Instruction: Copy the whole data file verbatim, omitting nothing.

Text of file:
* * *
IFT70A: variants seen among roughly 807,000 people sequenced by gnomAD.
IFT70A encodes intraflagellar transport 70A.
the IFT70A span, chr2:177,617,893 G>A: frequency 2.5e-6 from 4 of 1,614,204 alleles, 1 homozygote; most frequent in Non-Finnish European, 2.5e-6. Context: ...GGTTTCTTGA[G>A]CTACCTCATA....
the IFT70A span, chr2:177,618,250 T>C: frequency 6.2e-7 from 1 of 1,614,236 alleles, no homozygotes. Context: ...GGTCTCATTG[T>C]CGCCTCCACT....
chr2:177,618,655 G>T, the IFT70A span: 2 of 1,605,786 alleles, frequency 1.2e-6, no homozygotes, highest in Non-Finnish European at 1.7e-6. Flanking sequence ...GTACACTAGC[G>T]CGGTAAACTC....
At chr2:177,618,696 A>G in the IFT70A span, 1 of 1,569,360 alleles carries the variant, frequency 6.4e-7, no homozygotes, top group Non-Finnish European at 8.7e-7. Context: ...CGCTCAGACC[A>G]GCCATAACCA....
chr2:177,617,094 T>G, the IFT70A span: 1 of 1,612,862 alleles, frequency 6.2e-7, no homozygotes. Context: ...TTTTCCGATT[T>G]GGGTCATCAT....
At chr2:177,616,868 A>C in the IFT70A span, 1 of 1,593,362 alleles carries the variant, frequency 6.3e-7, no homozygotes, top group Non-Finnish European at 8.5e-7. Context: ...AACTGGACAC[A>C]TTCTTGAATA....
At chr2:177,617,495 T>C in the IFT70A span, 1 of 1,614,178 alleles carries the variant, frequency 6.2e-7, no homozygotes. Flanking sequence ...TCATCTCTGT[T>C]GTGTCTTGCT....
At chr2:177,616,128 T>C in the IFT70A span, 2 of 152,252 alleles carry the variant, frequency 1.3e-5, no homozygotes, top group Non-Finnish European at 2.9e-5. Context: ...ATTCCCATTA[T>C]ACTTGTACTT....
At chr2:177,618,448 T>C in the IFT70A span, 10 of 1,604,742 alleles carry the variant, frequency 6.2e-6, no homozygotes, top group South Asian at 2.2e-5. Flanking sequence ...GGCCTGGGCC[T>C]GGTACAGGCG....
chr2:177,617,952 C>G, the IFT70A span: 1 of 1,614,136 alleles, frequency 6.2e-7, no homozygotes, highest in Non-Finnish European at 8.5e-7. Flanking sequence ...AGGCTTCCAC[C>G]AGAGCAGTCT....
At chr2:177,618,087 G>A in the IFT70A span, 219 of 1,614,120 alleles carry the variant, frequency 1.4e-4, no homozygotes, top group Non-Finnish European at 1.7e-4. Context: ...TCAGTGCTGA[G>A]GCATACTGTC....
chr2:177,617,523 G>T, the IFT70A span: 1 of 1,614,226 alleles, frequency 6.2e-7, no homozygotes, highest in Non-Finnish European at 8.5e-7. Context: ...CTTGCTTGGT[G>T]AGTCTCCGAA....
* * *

IFT70A: variants seen among roughly 807,000 people sequenced by gnomAD.
IFT70A encodes intraflagellar transport 70A.
the IFT70A span, chr2:177,617,893 G>A: frequency 2.5e-6 from 4 of 1,614,204 alleles, 1 homozygote; most frequent in Non-Finnish European, 2.5e-6. Context: ...GGTTTCTTGA[G>A]CTACCTCATA....
the IFT70A span, chr2:177,618,250 T>C: frequency 6.2e-7 from 1 of 1,614,236 alleles, no homozygotes. Context: ...GGTCTCATTG[T>C]CGCCTCCACT....
chr2:177,618,655 G>T, the IFT70A span: 2 of 1,605,786 alleles, frequency 1.2e-6, no homozygotes, highest in Non-Finnish European at 1.7e-6. Flanking sequence ...GTACACTAGC[G>T]CGGTAAACTC....
At chr2:177,618,696 A>G in the IFT70A span, 1 of 1,569,360 alleles carries the variant, frequency 6.4e-7, no homozygotes, top group Non-Finnish European at 8.7e-7. Context: ...CGCTCAGACC[A>G]GCCATAACCA....
chr2:177,617,094 T>G, the IFT70A span: 1 of 1,612,862 alleles, frequency 6.2e-7, no homozygotes. Context: ...TTTTCCGATT[T>G]GGGTCATCAT....
At chr2:177,616,868 A>C in the IFT70A span, 1 of 1,593,362 alleles carries the variant, frequency 6.3e-7, no homozygotes, top group Non-Finnish European at 8.5e-7. Context: ...AACTGGACAC[A>C]TTCTTGAATA....
At chr2:177,617,495 T>C in the IFT70A span, 1 of 1,614,178 alleles carries the variant, frequency 6.2e-7, no homozygotes. Flanking sequence ...TCATCTCTGT[T>C]GTGTCTTGCT....
At chr2:177,616,128 T>C in the IFT70A span, 2 of 152,252 alleles carry the variant, frequency 1.3e-5, no homozygotes, top group Non-Finnish European at 2.9e-5. Context: ...ATTCCCATTA[T>C]ACTTGTACTT....
At chr2:177,618,448 T>C in the IFT70A span, 10 of 1,604,742 alleles carry the variant, frequency 6.2e-6, no homozygotes, top group South Asian at 2.2e-5. Flanking sequence ...GGCCTGGGCC[T>C]GGTACAGGCG....
chr2:177,617,952 C>G, the IFT70A span: 1 of 1,614,136 alleles, frequency 6.2e-7, no homozygotes, highest in Non-Finnish European at 8.5e-7. Flanking sequence ...AGGCTTCCAC[C>G]AGAGCAGTCT....
At chr2:177,618,087 G>A in the IFT70A span, 219 of 1,614,120 alleles carry the variant, frequency 1.4e-4, no homozygotes, top group Non-Finnish European at 1.7e-4. Context: ...TCAGTGCTGA[G>A]GCATACTGTC....
chr2:177,617,523 G>T, the IFT70A span: 1 of 1,614,226 alleles, frequency 6.2e-7, no homozygotes, highest in Non-Finnish European at 8.5e-7. Context: ...CTTGCTTGGT[G>T]AGTCTCCGAA....